Lowell Man Sentenced To Four Years In Prison For Cocaine Conspiracy With Colombian Criminal Organization
BOSTON – A Lowell man was sentenced yesterday in federal court in Boston for his role in a cocaine trafficking conspiracy connected to a Colombian-based criminal enterprise.
Juan Pablo Ariasgil, 41, of Lowell, was sentenced by U.S. District Court Chief Judge F. Dennis Saylor IV to four years in prison and four years of supervised release. In April 2021, Ariasgil pleaded guilty to one count of conspiracy to distribute and to possess with intent to distribute five kilograms or more of cocaine and one count of possession with intent to distribute 500 grams or more of cocaine.
Ariasgil conspired with members of La Oficina de Envigado (La Oficina), a criminal organization based in Medellín, Colombia to distribute five kilograms of cocaine. La Oficina originated in the 1980s when its members provided enforcement and collection services for the Medellín Cartel, including deceased Medellín Cartel leader Pablo Escobar. Today, La Oficina is allegedly involved in international narcotics trafficking, drug debt collection, money laundering, extortion and murder for hire.
It is alleged that co-defendants Fabio de Jesus Yepes Sanchez and Mario Zapata Velez were members of La Oficina who were charged with collecting a $750,000 drug debt from two cocaine traffickers in Massachusetts. It is further alleged that Yepes and Zapata conspired with Ariasgil and others to obtain five kilograms of cocaine from the Massachusetts traffickers, sell those kilograms, and then repatriate the drug proceeds to Colombia, in partial satisfaction of the outstanding drug debt.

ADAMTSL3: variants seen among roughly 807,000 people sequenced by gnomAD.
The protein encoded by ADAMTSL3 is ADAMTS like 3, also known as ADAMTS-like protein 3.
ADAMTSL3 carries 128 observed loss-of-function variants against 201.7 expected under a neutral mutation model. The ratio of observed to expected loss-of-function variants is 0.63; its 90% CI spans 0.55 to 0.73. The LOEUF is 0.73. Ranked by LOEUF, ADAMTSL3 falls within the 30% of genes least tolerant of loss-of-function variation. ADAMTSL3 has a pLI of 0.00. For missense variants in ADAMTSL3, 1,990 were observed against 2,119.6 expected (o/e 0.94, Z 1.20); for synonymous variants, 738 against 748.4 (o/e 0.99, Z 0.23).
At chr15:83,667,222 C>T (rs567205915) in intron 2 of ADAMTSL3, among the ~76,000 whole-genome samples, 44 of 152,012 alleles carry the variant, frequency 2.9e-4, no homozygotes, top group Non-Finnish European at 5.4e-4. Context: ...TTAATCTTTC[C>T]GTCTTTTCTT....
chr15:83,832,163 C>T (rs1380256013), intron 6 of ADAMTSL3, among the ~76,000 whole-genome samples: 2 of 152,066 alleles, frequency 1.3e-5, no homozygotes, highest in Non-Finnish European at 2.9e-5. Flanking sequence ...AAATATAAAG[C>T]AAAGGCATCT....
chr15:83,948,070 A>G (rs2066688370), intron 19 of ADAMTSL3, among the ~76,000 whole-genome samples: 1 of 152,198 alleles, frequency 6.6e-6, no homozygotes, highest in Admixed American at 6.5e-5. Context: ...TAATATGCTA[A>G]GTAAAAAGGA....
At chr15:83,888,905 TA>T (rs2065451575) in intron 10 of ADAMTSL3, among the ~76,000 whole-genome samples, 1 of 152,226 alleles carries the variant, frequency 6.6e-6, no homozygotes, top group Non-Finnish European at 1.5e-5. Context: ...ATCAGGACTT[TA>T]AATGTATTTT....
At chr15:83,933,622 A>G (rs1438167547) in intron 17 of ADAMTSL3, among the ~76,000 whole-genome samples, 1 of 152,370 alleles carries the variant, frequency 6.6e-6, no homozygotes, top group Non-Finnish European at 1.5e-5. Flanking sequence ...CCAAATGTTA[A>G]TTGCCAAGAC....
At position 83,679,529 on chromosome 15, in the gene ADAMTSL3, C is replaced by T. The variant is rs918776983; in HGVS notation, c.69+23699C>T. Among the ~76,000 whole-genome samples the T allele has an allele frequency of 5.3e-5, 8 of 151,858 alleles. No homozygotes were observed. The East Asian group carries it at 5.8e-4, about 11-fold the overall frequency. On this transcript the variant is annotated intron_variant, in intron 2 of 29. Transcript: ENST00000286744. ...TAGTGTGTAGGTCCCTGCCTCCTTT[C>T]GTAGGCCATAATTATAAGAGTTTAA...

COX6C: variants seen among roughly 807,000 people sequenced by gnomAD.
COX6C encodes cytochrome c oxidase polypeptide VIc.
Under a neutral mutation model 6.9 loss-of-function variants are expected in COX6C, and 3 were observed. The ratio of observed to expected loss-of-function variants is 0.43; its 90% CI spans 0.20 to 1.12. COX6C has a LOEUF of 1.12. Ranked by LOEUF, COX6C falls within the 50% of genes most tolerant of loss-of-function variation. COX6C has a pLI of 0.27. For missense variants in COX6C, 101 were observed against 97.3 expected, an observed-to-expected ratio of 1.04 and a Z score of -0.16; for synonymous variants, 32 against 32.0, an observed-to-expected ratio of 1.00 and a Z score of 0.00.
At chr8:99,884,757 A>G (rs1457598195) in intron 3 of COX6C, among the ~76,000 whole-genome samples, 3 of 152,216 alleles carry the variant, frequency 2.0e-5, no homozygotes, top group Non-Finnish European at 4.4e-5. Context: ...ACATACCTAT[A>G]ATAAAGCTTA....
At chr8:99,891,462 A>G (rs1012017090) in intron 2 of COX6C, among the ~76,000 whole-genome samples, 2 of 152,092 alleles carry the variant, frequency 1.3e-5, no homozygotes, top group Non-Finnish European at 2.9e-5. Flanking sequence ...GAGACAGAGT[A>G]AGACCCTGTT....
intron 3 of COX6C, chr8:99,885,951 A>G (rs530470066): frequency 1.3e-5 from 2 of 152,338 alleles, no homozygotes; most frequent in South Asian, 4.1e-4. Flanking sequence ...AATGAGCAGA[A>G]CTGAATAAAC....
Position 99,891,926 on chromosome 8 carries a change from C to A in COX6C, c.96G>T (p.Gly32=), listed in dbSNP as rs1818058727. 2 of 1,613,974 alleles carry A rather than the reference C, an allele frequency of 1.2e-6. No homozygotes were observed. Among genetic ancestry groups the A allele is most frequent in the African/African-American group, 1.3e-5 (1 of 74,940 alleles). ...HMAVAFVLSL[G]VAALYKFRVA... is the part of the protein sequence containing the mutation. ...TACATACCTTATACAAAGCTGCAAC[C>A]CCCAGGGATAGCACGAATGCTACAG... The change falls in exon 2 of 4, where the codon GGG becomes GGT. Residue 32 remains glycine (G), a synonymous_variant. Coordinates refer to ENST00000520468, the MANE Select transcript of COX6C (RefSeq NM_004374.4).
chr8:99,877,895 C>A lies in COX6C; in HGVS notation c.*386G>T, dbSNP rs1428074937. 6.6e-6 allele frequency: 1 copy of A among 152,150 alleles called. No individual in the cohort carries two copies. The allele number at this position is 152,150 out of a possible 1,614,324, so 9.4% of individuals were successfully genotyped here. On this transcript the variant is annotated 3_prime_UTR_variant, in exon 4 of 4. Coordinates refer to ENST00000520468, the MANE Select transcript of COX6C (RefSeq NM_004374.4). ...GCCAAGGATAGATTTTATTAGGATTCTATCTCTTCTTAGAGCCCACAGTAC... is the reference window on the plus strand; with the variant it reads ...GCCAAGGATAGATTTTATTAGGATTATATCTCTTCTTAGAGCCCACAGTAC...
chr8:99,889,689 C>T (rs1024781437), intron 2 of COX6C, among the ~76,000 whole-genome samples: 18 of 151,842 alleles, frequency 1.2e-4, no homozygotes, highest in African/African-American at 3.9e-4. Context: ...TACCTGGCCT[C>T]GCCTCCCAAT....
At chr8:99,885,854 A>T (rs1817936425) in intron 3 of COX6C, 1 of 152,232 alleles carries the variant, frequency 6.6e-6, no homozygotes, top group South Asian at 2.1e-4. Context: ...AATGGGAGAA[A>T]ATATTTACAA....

This operation is part of an Organized Crime Drug Enforcement Task Forces (OCDETF) investigation. OCDETF identifies, disrupts, and dismantles the highest-level drug traffickers, money launderers, gangs, and transnational criminal organizations that threaten the United States by using a prosecutor-led, intelligence-driven, multi-agency approach that leverages the strengths of federal, state, and local law enforcement agencies against criminal networks.
The charges of conspiracy to possess with intent to distribute and to distribute five kilograms or more of cocaine each provide for a mandatory minimum sentence of 10 years and up to life in prison, at least five years and up to a lifetime of supervised release and a fine of up to $10 million. Sentences are imposed by a federal district court judge based upon the U.S. Sentencing Guidelines and statutes which govern the determination of a sentence in a criminal case.
United States Attorney Rachael S. Rollins and Brian D. Boyle, Special Agent in Charge of the Drug Enforcement Administration, New England Field Division, made the announcement. The Criminal Division’s Office of International Affairs of the Justice Department, Internal Revenue Service’s Criminal Investigations in Boston and the Government of Colombia provided critical assistance with the investigation. Assistant U.S. Attorneys Jared Dolan and Lauren Graber of Rollins’ Narcotics & Money Laundering Unit prosecuted the case.
The details contained in the charging documents are allegations. The remaining defendants are presumed innocent unless and until proven guilty beyond a reasonable doubt in a court of law.